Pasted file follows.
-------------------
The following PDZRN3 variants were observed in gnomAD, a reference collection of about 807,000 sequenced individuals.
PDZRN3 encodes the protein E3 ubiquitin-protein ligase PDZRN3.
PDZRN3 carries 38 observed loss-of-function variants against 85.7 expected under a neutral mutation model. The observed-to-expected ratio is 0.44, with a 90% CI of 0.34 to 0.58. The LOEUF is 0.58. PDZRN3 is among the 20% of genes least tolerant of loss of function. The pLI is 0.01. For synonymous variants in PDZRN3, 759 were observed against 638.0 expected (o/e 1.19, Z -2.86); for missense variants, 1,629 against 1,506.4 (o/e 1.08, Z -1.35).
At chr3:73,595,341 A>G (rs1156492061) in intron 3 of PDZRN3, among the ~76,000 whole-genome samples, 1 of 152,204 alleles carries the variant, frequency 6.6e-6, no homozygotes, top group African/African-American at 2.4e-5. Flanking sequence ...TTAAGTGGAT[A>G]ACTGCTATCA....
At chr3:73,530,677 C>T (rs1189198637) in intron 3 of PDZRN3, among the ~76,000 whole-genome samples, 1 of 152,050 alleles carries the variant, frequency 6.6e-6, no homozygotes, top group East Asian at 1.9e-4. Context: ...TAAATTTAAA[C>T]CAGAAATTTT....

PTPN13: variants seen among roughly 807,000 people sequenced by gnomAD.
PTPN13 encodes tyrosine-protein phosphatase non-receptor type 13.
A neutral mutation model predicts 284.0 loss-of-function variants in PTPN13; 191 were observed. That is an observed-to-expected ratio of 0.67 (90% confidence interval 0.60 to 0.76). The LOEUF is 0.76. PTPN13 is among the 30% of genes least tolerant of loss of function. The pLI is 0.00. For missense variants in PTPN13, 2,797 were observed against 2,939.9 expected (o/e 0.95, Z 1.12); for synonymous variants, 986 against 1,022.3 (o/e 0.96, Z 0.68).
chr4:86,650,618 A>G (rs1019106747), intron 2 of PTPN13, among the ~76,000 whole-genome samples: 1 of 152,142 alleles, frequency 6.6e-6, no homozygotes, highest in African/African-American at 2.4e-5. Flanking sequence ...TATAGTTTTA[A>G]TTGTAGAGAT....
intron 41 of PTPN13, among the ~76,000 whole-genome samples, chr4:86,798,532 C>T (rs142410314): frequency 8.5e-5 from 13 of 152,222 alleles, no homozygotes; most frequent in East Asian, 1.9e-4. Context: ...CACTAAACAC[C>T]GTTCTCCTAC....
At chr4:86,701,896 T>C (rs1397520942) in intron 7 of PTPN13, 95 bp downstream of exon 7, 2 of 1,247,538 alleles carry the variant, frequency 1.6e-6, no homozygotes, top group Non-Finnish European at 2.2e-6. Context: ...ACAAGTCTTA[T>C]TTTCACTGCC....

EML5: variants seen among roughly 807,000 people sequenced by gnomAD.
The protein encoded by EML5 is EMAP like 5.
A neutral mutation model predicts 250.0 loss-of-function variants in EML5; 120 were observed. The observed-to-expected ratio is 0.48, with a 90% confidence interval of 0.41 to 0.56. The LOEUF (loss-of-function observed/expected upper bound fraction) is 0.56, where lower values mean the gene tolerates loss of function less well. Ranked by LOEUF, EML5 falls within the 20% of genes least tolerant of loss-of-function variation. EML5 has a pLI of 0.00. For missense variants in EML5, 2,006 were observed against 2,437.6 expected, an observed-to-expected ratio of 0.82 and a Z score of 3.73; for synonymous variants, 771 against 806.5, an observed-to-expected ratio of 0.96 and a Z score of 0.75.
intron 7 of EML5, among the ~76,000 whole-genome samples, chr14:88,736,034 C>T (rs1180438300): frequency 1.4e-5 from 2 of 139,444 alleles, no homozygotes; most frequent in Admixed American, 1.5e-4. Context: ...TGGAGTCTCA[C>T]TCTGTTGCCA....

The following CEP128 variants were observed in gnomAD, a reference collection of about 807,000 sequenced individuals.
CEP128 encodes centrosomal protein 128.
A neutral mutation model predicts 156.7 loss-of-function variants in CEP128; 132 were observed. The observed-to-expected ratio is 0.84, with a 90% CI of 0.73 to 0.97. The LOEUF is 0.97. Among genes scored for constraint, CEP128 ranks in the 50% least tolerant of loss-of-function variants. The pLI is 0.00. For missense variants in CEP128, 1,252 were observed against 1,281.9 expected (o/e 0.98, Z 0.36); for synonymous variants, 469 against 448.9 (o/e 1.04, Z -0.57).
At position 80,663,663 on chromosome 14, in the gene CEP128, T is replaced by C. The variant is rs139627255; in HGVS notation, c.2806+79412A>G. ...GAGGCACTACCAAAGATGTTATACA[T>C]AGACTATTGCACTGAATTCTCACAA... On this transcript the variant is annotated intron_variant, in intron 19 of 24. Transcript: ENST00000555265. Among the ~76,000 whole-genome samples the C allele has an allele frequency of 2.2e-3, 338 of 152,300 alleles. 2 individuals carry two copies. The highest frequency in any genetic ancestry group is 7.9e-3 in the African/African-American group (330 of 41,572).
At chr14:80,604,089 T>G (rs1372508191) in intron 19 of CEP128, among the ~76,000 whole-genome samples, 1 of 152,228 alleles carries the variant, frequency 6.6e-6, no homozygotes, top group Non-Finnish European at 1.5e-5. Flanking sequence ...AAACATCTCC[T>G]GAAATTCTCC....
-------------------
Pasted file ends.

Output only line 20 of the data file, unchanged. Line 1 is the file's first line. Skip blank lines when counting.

At chr14:80,604,089 T>G (rs1372508191) in intron 19 of CEP128, among the ~76,000 whole-genome samples, 1 of 152,228 alleles carries the variant, frequency 6.6e-6, no homozygotes, top group Non-Finnish European at 1.5e-5. Flanking sequence ...AAACATCTCC[T>G]GAAATTCTCC....